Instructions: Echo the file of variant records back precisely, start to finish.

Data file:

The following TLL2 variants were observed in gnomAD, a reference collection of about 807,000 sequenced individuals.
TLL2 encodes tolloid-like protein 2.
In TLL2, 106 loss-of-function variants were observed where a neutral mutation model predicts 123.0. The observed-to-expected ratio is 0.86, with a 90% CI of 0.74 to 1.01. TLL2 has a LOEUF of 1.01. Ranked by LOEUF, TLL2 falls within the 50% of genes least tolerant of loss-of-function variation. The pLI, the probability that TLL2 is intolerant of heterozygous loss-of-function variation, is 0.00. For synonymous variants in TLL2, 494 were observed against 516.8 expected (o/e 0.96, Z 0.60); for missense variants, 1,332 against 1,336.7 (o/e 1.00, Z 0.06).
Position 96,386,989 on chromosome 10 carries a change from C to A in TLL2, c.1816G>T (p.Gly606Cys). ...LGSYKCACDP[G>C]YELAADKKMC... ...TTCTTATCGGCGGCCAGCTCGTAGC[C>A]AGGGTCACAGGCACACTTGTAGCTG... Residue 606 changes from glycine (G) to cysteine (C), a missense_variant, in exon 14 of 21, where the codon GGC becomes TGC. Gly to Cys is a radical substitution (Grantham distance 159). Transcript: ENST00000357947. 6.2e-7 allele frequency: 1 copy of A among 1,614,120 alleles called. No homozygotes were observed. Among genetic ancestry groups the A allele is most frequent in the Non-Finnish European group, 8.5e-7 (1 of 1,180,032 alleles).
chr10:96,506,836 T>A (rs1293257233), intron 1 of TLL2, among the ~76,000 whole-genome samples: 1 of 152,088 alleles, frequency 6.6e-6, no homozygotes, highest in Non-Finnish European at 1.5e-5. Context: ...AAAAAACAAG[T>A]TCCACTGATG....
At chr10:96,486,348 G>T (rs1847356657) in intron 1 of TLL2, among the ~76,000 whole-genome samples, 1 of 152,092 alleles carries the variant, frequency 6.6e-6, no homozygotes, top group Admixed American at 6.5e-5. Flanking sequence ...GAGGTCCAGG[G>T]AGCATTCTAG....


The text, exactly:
The following TLL2 variants were observed in gnomAD, a reference collection of about 807,000 sequenced individuals.
TLL2 encodes tolloid-like protein 2.
In TLL2, 106 loss-of-function variants were observed where a neutral mutation model predicts 123.0. The observed-to-expected ratio is 0.86, with a 90% CI of 0.74 to 1.01. TLL2 has a LOEUF of 1.01. Ranked by LOEUF, TLL2 falls within the 50% of genes least tolerant of loss-of-function variation. The pLI, the probability that TLL2 is intolerant of heterozygous loss-of-function variation, is 0.00. For synonymous variants in TLL2, 494 were observed against 516.8 expected (o/e 0.96, Z 0.60); for missense variants, 1,332 against 1,336.7 (o/e 1.00, Z 0.06).
Position 96,386,989 on chromosome 10 carries a change from C to A in TLL2, c.1816G>T (p.Gly606Cys). ...LGSYKCACDP[G>C]YELAADKKMC... ...TTCTTATCGGCGGCCAGCTCGTAGC[C>A]AGGGTCACAGGCACACTTGTAGCTG... Residue 606 changes from glycine (G) to cysteine (C), a missense_variant, in exon 14 of 21, where the codon GGC becomes TGC. Gly to Cys is a radical substitution (Grantham distance 159). Transcript: ENST00000357947. 6.2e-7 allele frequency: 1 copy of A among 1,614,120 alleles called. No homozygotes were observed. Among genetic ancestry groups the A allele is most frequent in the Non-Finnish European group, 8.5e-7 (1 of 1,180,032 alleles).
chr10:96,506,836 T>A (rs1293257233), intron 1 of TLL2, among the ~76,000 whole-genome samples: 1 of 152,088 alleles, frequency 6.6e-6, no homozygotes, highest in Non-Finnish European at 1.5e-5. Context: ...AAAAAACAAG[T>A]TCCACTGATG....
At chr10:96,486,348 G>T (rs1847356657) in intron 1 of TLL2, among the ~76,000 whole-genome samples, 1 of 152,092 alleles carries the variant, frequency 6.6e-6, no homozygotes, top group Admixed American at 6.5e-5. Flanking sequence ...GAGGTCCAGG[G>T]AGCATTCTAG....